Phenotyping polyclonal kappa and lambda light chain molecular mass distributions in patient serum using mass spectrometry

David R. Barnidge, Surendra Dasari, Marina Ramirez-Alvarado, Adrian Fontan, Maria A V Willrich, Renee C. Tschumper, Diane F Jelinek, Melissa R. Snyder, Angela Dispenzieri, Jerry A. Katzmann, David L. Murray

Research output: Contribution to journalArticle

19 Citations (Scopus)

Abstract

We previously described a microLC-ESI-Q-TOF MS method for identifying monoclonal immunoglobulins in serum and then tracking them over time using their accurate molecular mass. Here we demonstrate how the same methodology can be used to identify and characterize polyclonal immunoglobulins in serum. We establish that two molecular mass distributions observed by microLC-ESI-Q-TOF MS are from polyclonal kappa and lambda light chains using a combination of theoretical molecular masses from gene sequence data and the analysis of commercially available purified polyclonal IgG kappa and IgG lambda from normal human serum. A linear regression comparison of kappa/lambda ratios for 74 serum samples (25 hypergammaglobulinemia, 24 hypogammaglobulinemia, 25 normal) determined by microflowLC-ESI-Q-TOF MS and immunonephelometry had a slope of 1.37 and a correlation coefficient of 0.639. In addition to providing kappa/lambda ratios, the same microLC-ESI-Q-TOF MS analysis can determine the molecular mass for oligoclonal light chains observed above the polyclonal background in patient samples. In 2 patients with immune disorders and hypergammaglobulinemia, we observed a skewed polyclonal molecular mass distribution which translated into biased kappa/lambda ratios. Mass spectrometry provides a rapid and simple way to combine the polyclonal kappa/lambda light chain abundance ratios with the identification of dominant monoclonal as well as oligoclonal light chain immunoglobulins. We anticipate that this approach to evaluating immunoglobulin light chains will lead to improved understanding of immune deficiencies, autoimmune diseases, and antibody responses.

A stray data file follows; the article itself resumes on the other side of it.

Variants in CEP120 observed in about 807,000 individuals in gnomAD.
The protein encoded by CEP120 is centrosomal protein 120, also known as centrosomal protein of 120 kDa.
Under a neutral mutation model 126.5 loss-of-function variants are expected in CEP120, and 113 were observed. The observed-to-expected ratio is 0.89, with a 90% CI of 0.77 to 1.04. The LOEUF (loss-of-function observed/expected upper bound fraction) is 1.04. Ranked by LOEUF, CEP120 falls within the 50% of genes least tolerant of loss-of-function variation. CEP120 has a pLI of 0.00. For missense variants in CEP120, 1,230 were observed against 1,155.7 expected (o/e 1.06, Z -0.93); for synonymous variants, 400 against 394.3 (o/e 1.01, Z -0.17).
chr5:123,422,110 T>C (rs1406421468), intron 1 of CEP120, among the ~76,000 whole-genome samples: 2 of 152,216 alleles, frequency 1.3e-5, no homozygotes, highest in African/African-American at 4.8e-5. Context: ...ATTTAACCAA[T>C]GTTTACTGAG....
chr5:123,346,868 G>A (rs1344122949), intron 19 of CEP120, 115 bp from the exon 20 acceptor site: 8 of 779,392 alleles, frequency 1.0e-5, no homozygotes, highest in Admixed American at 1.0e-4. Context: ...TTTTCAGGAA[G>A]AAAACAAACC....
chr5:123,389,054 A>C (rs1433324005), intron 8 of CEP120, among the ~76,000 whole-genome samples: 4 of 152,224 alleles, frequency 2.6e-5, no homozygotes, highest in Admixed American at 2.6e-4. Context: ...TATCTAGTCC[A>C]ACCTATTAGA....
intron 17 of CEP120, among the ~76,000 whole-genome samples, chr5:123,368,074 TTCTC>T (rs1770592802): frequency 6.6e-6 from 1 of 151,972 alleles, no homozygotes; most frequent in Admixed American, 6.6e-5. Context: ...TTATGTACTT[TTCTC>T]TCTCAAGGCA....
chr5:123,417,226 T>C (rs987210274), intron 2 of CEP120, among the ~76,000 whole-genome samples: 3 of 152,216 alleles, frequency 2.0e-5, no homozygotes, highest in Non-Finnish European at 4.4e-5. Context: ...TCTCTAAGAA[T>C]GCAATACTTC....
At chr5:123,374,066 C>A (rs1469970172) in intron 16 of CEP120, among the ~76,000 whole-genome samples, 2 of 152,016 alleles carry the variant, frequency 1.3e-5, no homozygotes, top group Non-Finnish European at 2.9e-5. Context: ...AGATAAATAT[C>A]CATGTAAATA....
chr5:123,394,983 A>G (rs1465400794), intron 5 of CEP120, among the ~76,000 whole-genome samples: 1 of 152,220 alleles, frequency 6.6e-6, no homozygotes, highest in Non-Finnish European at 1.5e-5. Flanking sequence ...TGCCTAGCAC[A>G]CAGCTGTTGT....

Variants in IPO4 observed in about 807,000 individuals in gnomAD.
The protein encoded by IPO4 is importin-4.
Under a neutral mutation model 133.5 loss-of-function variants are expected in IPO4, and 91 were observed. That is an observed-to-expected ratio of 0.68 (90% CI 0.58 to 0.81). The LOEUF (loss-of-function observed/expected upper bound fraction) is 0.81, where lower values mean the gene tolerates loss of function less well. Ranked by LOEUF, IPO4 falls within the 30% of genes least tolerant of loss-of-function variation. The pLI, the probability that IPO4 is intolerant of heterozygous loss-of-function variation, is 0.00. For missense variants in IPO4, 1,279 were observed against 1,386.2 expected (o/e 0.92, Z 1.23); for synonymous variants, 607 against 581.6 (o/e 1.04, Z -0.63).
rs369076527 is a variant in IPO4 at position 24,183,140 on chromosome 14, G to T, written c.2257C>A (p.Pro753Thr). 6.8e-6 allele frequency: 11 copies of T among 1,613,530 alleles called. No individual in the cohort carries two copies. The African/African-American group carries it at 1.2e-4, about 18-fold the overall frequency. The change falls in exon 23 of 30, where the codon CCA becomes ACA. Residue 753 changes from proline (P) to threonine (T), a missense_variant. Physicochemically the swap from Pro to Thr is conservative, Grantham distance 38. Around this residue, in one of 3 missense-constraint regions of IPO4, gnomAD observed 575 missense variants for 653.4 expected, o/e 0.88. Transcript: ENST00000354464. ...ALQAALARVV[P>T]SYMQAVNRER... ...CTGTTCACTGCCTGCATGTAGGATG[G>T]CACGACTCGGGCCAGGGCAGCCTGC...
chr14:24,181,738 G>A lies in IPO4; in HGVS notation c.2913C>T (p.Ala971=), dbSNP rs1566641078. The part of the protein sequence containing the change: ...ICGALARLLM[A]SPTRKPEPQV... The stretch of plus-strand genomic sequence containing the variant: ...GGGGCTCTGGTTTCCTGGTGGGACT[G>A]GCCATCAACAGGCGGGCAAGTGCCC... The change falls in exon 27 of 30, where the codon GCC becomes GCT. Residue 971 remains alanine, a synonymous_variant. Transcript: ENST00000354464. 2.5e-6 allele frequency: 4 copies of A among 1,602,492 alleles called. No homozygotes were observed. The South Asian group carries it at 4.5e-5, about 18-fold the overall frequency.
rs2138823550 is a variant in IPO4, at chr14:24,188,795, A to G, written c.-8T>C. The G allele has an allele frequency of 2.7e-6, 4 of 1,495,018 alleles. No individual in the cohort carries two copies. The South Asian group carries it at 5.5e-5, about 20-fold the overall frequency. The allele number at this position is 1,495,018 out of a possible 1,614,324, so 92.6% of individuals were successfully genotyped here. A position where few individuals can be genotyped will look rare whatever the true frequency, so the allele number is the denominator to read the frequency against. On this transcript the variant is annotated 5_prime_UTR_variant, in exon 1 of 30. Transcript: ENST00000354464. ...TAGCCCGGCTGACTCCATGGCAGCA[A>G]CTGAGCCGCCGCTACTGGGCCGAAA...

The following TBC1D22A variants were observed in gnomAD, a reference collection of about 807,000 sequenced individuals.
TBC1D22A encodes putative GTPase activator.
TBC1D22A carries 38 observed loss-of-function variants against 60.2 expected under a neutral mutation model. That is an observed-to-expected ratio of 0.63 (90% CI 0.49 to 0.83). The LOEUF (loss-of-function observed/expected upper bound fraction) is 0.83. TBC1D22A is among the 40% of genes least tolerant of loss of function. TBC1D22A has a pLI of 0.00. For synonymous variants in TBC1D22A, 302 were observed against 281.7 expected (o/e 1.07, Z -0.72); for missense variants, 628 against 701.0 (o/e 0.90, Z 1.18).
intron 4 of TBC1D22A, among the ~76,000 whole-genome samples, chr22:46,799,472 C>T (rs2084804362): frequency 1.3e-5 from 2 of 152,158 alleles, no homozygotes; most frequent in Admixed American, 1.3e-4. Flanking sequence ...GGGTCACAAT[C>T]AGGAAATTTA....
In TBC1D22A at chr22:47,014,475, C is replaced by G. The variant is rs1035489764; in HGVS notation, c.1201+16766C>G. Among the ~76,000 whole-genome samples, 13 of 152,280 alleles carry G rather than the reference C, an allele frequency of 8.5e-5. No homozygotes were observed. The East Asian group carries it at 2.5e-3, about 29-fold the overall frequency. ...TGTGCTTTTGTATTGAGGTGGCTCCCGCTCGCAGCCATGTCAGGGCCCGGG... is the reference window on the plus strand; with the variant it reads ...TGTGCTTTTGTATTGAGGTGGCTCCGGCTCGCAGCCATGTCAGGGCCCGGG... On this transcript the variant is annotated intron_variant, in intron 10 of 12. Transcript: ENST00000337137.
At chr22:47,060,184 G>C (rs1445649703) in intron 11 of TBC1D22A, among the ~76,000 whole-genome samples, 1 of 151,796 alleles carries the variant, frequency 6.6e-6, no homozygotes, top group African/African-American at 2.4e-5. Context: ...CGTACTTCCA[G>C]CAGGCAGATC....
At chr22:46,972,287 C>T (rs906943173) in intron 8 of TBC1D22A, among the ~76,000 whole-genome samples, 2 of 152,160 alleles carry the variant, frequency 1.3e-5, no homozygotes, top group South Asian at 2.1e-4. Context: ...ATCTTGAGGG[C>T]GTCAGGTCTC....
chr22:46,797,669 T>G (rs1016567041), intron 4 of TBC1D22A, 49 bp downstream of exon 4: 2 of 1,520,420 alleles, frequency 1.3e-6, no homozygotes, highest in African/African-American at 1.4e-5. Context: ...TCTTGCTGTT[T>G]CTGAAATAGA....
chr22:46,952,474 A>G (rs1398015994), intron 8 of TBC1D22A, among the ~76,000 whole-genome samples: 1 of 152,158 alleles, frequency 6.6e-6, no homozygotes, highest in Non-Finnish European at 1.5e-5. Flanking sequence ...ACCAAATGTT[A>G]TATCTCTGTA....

Original languageEnglish (US)
Pages (from-to)5198-5205
Number of pages8
JournalJournal of Proteome Research
Volume13
Issue number11
DOIs
StatePublished - Nov 7 2014

Fingerprint

Molecular mass
Mass spectrometry
Mass Spectrometry
Hypergammaglobulinemia
Immunoglobulin Light Chains
Light
Serum
Immunoglobulins
Immunoglobulin G
Oligoclonal Bands
Agammaglobulinemia
Immune System Diseases
Autoimmunity
Autoimmune Diseases
Antibody Formation
Sequence Analysis
Linear Models
Linear regression
Genes
Antibodies

Keywords

  • autoimmune diseases
  • Immunoglobulins
  • kappa/lambda ratios
  • monoclonal
  • polyclonal

ASJC Scopus subject areas

  • Biochemistry
  • Chemistry(all)

Cite this

Phenotyping polyclonal kappa and lambda light chain molecular mass distributions in patient serum using mass spectrometry. / Barnidge, David R.; Dasari, Surendra; Ramirez-Alvarado, Marina; Fontan, Adrian; Willrich, Maria A V; Tschumper, Renee C.; Jelinek, Diane F; Snyder, Melissa R.; Dispenzieri, Angela; Katzmann, Jerry A.; Murray, David L.

In: Journal of Proteome Research, Vol. 13, No. 11, 07.11.2014, p. 5198-5205.

Research output: Contribution to journalArticle

Barnidge, David R. ; Dasari, Surendra ; Ramirez-Alvarado, Marina ; Fontan, Adrian ; Willrich, Maria A V ; Tschumper, Renee C. ; Jelinek, Diane F ; Snyder, Melissa R. ; Dispenzieri, Angela ; Katzmann, Jerry A. ; Murray, David L. / Phenotyping polyclonal kappa and lambda light chain molecular mass distributions in patient serum using mass spectrometry. In: Journal of Proteome Research. 2014 ; Vol. 13, No. 11. pp. 5198-5205.
@article{7bad4ec6eb044ad8b03f7682da74e857,
title = "Phenotyping polyclonal kappa and lambda light chain molecular mass distributions in patient serum using mass spectrometry",
abstract = "We previously described a microLC-ESI-Q-TOF MS method for identifying monoclonal immunoglobulins in serum and then tracking them over time using their accurate molecular mass. Here we demonstrate how the same methodology can be used to identify and characterize polyclonal immunoglobulins in serum. We establish that two molecular mass distributions observed by microLC-ESI-Q-TOF MS are from polyclonal kappa and lambda light chains using a combination of theoretical molecular masses from gene sequence data and the analysis of commercially available purified polyclonal IgG kappa and IgG lambda from normal human serum. A linear regression comparison of kappa/lambda ratios for 74 serum samples (25 hypergammaglobulinemia, 24 hypogammaglobulinemia, 25 normal) determined by microflowLC-ESI-Q-TOF MS and immunonephelometry had a slope of 1.37 and a correlation coefficient of 0.639. In addition to providing kappa/lambda ratios, the same microLC-ESI-Q-TOF MS analysis can determine the molecular mass for oligoclonal light chains observed above the polyclonal background in patient samples. In 2 patients with immune disorders and hypergammaglobulinemia, we observed a skewed polyclonal molecular mass distribution which translated into biased kappa/lambda ratios. Mass spectrometry provides a rapid and simple way to combine the polyclonal kappa/lambda light chain abundance ratios with the identification of dominant monoclonal as well as oligoclonal light chain immunoglobulins. We anticipate that this approach to evaluating immunoglobulin light chains will lead to improved understanding of immune deficiencies, autoimmune diseases, and antibody responses.",